We all have played Bejeweled, Final Fantasy and Pac man at one time or the other. These games are the jewels of different platform, from arcade to console. But most of you reading this article might have played the same games on your smartphone or tablet.
Jason Kapalka, founder of PopCap Games, in his keynote at the PLANET OF THE APPS EUROPE 2011, shared some inevitable pitfalls developers overlook. According to Jason
…there are two main reasons to develop an app based on an existing title: to benefit from an existing fan base and brand recognition; or as a development shortcut based on existing programming work.
PopCap’s Bejeweled was identified as a case of the former, while its Plants vs Zombies falls into the latter category.
It has to feel instantly good. There is no learning curve,”
If we’d released the first version of Plants vs Zombies we tried, with its original controls, I don’t think it would have been played by anybody, because they would have rapidly found it to be difficult and frustrating.
He also added that
….consider device screen size as the most important factor, rather than being distracted by rapidly increasing screen resolutions.
Regardless of resolution, there is only so much screen a user can see or touch when playing a game – you need to look at the worse case scenario…
Consider Pac man, the retro game that changed the world was never imagined without a joy stick. That was how it was developed, keeping the joystick in mind. The same user experience can not be duplicated on the modern devices which are distancing themselves from buttons, let alone joysticks.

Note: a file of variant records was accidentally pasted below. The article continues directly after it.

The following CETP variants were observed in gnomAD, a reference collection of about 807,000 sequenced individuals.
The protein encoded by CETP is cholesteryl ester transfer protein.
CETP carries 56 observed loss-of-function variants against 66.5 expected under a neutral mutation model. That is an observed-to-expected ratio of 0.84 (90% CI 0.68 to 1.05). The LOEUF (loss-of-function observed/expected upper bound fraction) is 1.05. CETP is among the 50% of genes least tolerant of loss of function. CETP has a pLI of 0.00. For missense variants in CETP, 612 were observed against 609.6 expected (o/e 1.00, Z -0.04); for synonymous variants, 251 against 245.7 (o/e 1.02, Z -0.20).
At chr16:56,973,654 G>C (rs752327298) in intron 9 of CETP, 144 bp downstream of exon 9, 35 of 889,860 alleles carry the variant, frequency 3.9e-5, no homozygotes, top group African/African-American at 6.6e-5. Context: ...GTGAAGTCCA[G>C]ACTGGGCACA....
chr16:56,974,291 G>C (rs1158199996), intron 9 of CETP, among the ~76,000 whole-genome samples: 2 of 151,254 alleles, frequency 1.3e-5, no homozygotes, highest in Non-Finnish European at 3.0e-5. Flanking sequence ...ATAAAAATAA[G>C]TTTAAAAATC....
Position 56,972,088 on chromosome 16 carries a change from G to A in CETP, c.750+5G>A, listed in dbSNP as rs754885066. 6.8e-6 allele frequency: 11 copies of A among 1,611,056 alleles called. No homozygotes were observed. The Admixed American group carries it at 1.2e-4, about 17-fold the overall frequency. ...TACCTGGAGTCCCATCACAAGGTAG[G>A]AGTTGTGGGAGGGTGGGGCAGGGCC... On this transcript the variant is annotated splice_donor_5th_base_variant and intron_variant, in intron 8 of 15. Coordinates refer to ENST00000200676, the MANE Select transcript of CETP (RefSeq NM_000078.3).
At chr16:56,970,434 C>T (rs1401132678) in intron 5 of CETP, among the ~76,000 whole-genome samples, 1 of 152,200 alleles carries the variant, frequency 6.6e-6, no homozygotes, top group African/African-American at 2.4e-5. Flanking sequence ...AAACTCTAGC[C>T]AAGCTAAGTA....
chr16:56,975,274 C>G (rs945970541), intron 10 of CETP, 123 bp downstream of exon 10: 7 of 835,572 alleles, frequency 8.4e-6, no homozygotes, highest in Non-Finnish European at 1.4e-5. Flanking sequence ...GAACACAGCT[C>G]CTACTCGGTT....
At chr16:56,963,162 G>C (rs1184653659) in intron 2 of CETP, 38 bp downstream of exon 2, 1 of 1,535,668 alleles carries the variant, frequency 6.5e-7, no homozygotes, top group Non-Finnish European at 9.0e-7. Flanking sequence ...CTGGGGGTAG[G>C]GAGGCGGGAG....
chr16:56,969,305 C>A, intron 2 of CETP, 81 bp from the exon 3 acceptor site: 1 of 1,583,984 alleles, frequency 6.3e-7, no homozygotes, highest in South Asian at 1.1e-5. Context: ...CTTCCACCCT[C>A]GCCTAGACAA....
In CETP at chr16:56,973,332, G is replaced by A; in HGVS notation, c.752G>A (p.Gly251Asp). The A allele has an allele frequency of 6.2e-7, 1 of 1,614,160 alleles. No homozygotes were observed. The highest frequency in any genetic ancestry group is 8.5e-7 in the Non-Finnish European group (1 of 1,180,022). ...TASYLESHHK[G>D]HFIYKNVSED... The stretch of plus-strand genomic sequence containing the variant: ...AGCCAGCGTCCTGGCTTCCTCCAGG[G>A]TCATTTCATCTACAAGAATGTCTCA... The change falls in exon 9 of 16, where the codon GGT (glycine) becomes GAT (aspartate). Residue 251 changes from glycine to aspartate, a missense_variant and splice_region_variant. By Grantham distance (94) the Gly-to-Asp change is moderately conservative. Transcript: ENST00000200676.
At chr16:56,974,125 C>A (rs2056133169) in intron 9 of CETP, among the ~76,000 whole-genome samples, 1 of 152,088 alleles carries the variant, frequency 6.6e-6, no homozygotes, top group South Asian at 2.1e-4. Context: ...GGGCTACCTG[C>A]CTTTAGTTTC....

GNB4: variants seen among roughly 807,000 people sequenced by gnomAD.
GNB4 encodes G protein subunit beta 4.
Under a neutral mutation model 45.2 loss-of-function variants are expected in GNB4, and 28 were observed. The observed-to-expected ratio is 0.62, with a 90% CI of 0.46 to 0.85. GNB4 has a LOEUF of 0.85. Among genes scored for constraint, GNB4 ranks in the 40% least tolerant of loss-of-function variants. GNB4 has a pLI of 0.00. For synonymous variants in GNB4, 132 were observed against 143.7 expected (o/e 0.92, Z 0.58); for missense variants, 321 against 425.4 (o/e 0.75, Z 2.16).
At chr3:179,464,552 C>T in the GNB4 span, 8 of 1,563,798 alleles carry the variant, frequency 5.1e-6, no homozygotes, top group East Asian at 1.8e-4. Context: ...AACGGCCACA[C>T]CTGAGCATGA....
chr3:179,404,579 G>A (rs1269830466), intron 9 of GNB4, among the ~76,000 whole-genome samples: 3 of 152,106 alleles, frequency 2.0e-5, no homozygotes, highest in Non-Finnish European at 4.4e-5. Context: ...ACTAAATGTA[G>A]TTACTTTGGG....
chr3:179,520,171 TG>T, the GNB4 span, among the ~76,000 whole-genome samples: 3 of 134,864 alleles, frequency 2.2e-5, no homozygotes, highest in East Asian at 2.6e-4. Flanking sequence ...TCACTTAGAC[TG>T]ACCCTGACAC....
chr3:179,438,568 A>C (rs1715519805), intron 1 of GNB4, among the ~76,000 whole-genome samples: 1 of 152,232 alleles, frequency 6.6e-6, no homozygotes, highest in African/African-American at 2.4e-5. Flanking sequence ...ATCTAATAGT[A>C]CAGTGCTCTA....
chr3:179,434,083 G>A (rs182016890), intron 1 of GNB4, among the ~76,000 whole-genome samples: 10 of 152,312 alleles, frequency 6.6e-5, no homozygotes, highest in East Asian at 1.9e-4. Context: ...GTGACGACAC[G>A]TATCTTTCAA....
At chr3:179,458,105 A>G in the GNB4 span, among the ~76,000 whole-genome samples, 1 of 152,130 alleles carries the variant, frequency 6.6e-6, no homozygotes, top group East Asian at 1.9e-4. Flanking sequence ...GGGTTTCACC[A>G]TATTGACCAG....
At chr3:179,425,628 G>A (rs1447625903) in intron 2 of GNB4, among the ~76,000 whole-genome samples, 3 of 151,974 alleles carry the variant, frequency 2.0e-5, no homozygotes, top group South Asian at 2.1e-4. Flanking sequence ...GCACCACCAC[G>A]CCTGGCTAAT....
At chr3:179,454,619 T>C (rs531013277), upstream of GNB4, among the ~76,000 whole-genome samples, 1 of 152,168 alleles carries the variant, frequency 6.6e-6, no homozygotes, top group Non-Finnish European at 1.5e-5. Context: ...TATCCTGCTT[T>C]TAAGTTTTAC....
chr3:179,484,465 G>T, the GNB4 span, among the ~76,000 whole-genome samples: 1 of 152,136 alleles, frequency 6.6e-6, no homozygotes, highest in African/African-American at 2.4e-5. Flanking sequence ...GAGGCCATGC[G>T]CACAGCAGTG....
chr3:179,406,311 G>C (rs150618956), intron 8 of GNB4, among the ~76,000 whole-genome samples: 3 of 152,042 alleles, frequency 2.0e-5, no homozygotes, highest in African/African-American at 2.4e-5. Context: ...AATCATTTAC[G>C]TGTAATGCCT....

The mantra for smartphone success is that the game should be short and not long. Citing the example of Final Fantasy, he explained
Final Fantasy is a great game, but it didn’t do particularly well on the iPhone largely because it was just not the sort of game that people with iPhones wanted. They didn’t want to sit down for a 40-hour role-play, they wanted something they could play in one minute intervals.
The emphasis should be put on reinventing rather than porting. He also warned developers of the tablet trap due to two reasons:
…smartphone market has the real volumes…
…A smartphone game can become a tablet game, but a tablet game cannot become a smartphone game
The real example provided by him was when they decided to deliver the same user experience across all mobile devices for Bejeweled and Bejeweled Blitz, which is available via Facebook and mobile devices. According to him,
it was a real pain in the ass to keep things in sync
That pretty much explains it.